Originally published in Massage Bodywork magazine, March/April 2011. Copyright 2011. Associated Bodywork and Massage Professionals. All rights reserved.
There are massage tools that have literally been around since Earth cooled. And humankind has known about the multiple benefits of hot stones since prehistoric times. Now, 21st century massage therapists are increasingly turning to stones--both hot and cold--as a way to offer a client-pleasing service that's easy on the hands and good for the bottom line.
Massage therapists thinking of adding stone therapy to their professional repertoire, however, should be warned: there are certain risks involved. It's not a technique to be attempted after simply watching a video or hearing a co-worker share a few pointers. Below are some points to ponder regarding stone therapy.1. Photos often get it wrong
You know the ones: massage clients relaxing on a towel with stones placed artfully along their naked spines. "Those photos make my hair stand up," says Nina Gart, founder and director of Stone Therapy School in Coquitlam, British Columbia. "That's not how to do it. That's dangerous! The only hot stones that should be placed directly on the body are the toe stones because they're tiny and don't contain all that super-heated energy at their core. All other stones must be insulated," she says.
Unfortunately, all those incorrect photos may lead to clients who are disappointed if the stones aren't placed on their body like in the ads. So China Facchini, a massage therapist and owner of Healing Stone Massage in Clinton, Connecticut, will sometimes place warm stones directly on a client's body, but never hot ones. That's also why she won't use the tongs or rubber gloves some manufacturers shortsightedly include with their stone heaters. "If you can't stick your hand in the water or hold the stone in your hand, you definitely shouldn't put it on someone's body."
Just keep a hot stone moving across the body as you hold it in your hand, advises Pat Mayrhofer, president of Nature's Stones, of Churchville, Pennsylvania. "And the hotter the stone is, the faster you move it," she says. Since different people have different tolerances for heat, be sure to ask clients if the stones are too hot for them. 2. What's special about the stones?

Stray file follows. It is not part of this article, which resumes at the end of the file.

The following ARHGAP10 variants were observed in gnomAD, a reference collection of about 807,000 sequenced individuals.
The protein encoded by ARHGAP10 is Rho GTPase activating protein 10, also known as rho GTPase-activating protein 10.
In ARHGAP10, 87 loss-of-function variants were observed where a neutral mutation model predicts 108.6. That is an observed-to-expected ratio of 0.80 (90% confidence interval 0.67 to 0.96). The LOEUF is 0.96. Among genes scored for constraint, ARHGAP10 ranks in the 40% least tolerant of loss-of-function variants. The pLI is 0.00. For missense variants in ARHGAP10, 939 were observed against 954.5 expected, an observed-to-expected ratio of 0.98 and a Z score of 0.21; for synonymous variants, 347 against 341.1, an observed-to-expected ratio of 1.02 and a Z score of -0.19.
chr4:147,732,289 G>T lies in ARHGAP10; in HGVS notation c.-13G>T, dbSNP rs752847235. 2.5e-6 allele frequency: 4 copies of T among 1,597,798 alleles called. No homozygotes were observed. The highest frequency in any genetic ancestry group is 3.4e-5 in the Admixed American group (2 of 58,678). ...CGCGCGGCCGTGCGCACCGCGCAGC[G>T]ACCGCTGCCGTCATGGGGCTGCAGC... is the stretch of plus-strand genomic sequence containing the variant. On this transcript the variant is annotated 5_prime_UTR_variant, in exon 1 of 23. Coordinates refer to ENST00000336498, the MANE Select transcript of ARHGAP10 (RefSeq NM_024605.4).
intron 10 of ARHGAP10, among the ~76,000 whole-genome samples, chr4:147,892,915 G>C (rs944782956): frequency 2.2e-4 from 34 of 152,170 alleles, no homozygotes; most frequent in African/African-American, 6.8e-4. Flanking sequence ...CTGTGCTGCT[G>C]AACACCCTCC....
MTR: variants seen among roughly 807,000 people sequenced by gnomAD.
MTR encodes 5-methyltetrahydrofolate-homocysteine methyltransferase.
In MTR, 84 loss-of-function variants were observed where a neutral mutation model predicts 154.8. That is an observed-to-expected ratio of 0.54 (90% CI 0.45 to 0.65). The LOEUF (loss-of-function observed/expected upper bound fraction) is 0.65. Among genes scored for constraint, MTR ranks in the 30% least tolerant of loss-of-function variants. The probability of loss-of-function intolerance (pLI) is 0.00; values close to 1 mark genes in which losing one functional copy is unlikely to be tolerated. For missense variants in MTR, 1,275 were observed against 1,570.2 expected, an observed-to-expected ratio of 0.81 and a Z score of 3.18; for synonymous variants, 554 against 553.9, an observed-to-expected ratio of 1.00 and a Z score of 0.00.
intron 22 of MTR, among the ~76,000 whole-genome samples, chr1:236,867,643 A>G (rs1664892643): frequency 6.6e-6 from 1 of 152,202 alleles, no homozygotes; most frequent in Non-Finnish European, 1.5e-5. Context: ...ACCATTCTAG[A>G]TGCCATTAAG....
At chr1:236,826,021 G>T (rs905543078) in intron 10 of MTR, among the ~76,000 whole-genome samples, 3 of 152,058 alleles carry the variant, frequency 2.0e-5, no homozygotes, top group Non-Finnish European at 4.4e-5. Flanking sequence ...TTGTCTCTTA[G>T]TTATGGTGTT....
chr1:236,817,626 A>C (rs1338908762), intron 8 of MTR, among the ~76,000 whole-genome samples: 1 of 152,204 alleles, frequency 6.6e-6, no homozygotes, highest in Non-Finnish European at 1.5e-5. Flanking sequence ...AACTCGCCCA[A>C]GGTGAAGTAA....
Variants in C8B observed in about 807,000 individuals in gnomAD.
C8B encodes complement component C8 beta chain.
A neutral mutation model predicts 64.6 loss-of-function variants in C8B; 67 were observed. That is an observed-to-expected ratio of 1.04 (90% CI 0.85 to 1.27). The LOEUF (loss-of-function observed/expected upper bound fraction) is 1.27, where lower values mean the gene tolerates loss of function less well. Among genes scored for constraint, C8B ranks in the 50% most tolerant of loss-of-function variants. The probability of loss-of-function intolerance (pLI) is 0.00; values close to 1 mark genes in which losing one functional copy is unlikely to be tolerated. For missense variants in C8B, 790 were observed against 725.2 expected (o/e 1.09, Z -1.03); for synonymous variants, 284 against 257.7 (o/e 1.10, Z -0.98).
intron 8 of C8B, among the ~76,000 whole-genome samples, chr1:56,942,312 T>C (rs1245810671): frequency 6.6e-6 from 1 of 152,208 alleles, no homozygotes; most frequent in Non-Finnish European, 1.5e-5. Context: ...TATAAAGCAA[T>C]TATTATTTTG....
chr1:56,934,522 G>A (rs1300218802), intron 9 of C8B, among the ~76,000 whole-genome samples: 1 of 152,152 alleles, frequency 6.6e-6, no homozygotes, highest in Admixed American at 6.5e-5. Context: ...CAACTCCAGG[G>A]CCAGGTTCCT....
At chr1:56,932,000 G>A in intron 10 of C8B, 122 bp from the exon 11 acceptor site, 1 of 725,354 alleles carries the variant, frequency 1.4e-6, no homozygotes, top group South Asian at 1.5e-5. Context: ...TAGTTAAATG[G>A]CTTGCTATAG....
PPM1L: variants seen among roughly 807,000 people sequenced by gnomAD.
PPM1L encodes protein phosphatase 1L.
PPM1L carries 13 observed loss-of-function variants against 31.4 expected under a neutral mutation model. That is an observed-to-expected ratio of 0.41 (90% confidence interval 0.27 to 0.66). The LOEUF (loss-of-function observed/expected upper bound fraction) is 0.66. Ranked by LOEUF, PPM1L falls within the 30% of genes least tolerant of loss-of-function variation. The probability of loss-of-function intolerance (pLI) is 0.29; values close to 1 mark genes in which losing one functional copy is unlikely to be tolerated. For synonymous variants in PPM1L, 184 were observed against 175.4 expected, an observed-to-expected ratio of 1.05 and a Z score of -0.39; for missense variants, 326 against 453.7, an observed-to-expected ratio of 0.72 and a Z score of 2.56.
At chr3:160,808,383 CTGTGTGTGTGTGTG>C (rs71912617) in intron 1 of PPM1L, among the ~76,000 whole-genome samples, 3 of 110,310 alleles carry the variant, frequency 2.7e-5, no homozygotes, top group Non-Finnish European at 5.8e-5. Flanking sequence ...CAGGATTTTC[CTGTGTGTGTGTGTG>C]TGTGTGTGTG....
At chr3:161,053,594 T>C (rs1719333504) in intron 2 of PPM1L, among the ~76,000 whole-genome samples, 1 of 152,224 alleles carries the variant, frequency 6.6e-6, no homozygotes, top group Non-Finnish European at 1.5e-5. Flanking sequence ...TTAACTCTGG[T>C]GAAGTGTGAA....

Different stones are made of different materials. Heated massage stones are typically a kind of basalt, which are usually (but not always) dark, while cool massage stones usually are light-colored marble. What makes basalt special is its chemical structure. Born in volcanos, basalt contains metals such as iron and magnesium, which help it to absorb and hold heat. Marble, on the other hand, contains calcium carbonate, which has a different crystalline structure. It's a cold rock. 3. Shape and size matter
To do the actual massage, you want a stone that fits easily in your palm. Smaller stones are available for specialized work, and many stones are advertised as belly stones, foot stones, finger stones, etc. Specialty stones are also available, such as the Y-shaped Rothstone--a hand-cut stone designed and patented by Henry Roth, a New Jersey-based chiropractor and massage therapist--which is a unique shape, and functions as an extension of the hand. As far as choosing black and white versus colored stones, that's pretty much a question of personal aesthetics. Gart likes to go with black and white out of deference to balance, yin and yang, day and night. "But in reality, it's all about the presence of metal in the stones and their density. Color doesn't really matter," she says. 4. Don't learn this on your own
"Stone massage has the highest rate of insurance claims of any type of massage," Mayrhofer warns. "It's because people aren't trained properly." Take a class or at least a hands-on seminar to learn how to properly work with stones, experts advise. It's not the massage strokes you'll need to learn. You already know those. It's how to handle the heat.
"I get so frustrated when someone calls me up to buy stones, and I ask if they've ever had stones in their hand and they say no," Mayrhofer says. "I've heard this over and over: someone goes in to work and they're told they have a hot stone massage coming in at two o'clock, so here's a video to watch. Or someone else goes to a seminar and is expected to come back and teach everyone else on the staff. The training gets watered down very quickly, and just because someone is a good therapist doesn't mean he or she is a good teacher."5. Turkey roasters aren't for rocks